I am trying to solve the following coupled system:

$$ x^{2}\frac{d^{2}y}{dx^{2}}+x\frac{dy}{dx}+(x^{2}-n^{2})y=z \\ x^{2}\frac{d^{2}z}{dx^{2}}+x\frac{dz}{dx}+(x^{2}-n^{2})z=a y $$

where $a\in R$. Both ODEs in their homogeneous case are the second-order Bessel differential equation. I am lost in how to interpret it as a system, especially when it is coupled. Any help would be appreciated!

  • $\begingroup$ What is $n$, is it real, an integer...? $\endgroup$ – Moo Dec 27 '17 at 14:15
  • $\begingroup$ it's real @Moo. $\endgroup$ – kathi_h Dec 27 '17 at 16:12

$$x^{2}\frac{d^{2}y}{dx^{2}}+x\frac{dy}{dx}+(x^{2}-n^{2})y=z \tag 1$$ $$\\ x^{2}\frac{d^{2}z}{dx^{2}}+x\frac{dz}{dx}+(x^{2}-n^{2})z=a y \tag 2$$

Case $\quad a>0.\quad$ (Proceed on similar manner in case $a<0$).

Multiply Eq.$(1)$ by $\sqrt{a}$ and add Eq.$(2)$ :

$$\sqrt{a}\left(x^{2}\frac{d^{2}y}{dx^{2}}+x\frac{dy}{dx}+(x^{2}-n^{2})y\right) +x^{2}\frac{d^{2}z}{dx^{2}}+x\frac{dz}{dx}+(x^{2}-n^{2})z=z\sqrt{a}+a y =\sqrt{a}\left(z+y\sqrt{a} \right)$$ Let $\quad u(x)=z+\sqrt{a}\:y$ $$x^{2}\frac{d^{2}u}{dx^{2}}+x\frac{du}{dx}+(x^{2}-n^{2})u=\sqrt{a}\: u$$


Let $\quad\nu=\sqrt{n^{2}+\sqrt{a}}$ $$x^{2}\frac{d^{2}u}{dx^{2}}+x\frac{du}{dx}+(x^{2}-\nu^{2})u=0$$ $$u(x)=c_1J_\nu(x)+c_2Y_\nu(x)$$ $z=u-\sqrt{a}\:y=c_1J_\nu(x)+c_2Y_\nu(x)-\sqrt{a}\:y \tag 3$



Let $\quad\mu=\sqrt{n^{2}-\sqrt{a}}$ $$x^{2}\frac{d^{2}y}{dx^{2}}+x\frac{dy}{dx}+(x^{2}-\mu^{2})y=c_1J_\nu(x)+c_2Y_\nu(x)$$ This is a non homogeneous Bessel equation. The particular solutions are :

$u_1(x)=c_1\frac{\pi}{2(\mu^2-\nu^2)}x\left(-J_\mu(x)J_\nu(x)Y_{\mu-1}(x) +J_{\mu-1}(x)J_\nu(x)Y_{\mu}(x)\right)$

$u_2(x)=c_2\frac{\pi}{2(\mu^2-\nu^2)}x\left(-J_\mu(x)Y_\nu(x)Y_{\mu-1}(x) +J_{\mu-1}(x)J_\nu(x)Y_{\mu}(x)\right)$

The general solution is :


Putting it into Eq.$(3)$ gives $z(x)$

  • $\begingroup$ Dear @JJacquelin, could you please explain how you chose to multiply the first equation by factor $\sqrt{a}$? In my original problem there are more constant-coefficients, and I cannot figure out the right factor to multiply it with, in order to obtain the right $u(x)$. $\endgroup$ – kathi_h Dec 27 '17 at 20:59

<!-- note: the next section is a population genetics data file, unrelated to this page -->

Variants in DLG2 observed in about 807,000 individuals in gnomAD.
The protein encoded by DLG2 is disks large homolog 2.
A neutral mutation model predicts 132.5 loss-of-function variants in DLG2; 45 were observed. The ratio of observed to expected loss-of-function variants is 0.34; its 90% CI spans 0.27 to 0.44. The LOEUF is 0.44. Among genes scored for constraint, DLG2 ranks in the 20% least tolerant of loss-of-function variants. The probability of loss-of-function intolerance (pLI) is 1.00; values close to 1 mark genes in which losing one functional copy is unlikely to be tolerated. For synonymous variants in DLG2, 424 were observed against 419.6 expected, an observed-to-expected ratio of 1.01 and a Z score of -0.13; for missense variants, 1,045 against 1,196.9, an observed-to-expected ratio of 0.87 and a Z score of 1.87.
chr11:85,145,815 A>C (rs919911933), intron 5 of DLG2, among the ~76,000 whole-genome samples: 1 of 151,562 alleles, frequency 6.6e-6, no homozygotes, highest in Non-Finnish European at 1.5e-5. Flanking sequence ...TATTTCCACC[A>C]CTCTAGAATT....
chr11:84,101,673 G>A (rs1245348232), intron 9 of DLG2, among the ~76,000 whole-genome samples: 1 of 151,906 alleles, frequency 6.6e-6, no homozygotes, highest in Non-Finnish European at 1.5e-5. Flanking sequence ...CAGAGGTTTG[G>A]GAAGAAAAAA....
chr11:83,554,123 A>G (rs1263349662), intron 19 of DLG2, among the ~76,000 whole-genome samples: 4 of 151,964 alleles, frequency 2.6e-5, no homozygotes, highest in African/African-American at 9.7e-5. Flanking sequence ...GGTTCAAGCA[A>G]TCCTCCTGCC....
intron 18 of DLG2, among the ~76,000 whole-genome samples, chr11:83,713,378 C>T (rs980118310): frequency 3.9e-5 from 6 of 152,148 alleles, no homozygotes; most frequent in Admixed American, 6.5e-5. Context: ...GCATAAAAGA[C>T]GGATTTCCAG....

• $\begingroup$ @uli : I guessed a linear relationship like $u(x)=\alpha y(x)+\beta z(x)$ By luck it turns on the combination of Eq.$(1)$ and Eq.$(2)$ becomes an equation with only the function $u(x)$ in case of $a\beta^2=\alpha^2$ . $\endgroup$ – JJacquelin Dec 28 '17 at 7:46
  • $\begingroup$ @JJaquelin: that was pretty helpful, thanks! I can apply your method when both $y$,$z$ have constant-coefficients, the $u$ is then $u(x)=\sqrt{a}y+\sqrt{b}z$. Can you tell me what form $u(x)$ should have when there an additional $x^{2}$ term on the right-hand side? e.g. in (1) right-hand side is $bz+cx^{2}$? I tried $u(x)=\sqrt{a}y(x)+\sqrt{b}z(x) + c$, but it didn't work, because $c$ is multiplied with $n^{2}$ also. Alternatively, when I bring this term to the left, I have $((1-c)x^{2}+n^{2})$ in (1) and $(x^{2}+n^{2})$ in (2) as coefficient of $y$, which doesn't allow to substitute nicely.. $\endgroup$ – kathi_h Dec 29 '17 at 15:39
  • $\begingroup$ With $bz+cx^2$ it's more complicated. Try with $u(x)=\alpha y(x)+\beta z(x)+f(x)$ where $f(x)$ is unknown. The combination of the two equations will lead again to $a\beta^2=\alpha^2$ and to a second order differential equation to be solved for $f(x)$. I didn't do it , so I don't know if it is solvable or not. Good luck ! $\endgroup$ – JJacquelin Dec 29 '17 at 16:13
  • $\begingroup$ @JJaquelin: Sorry for asking so late, I am trying to imitate your way of solution for my problem and have trouble finding the particular solution. Could you please explain how you obtained it? $\endgroup$ – kathi_h Jan 22 '18 at 8:51

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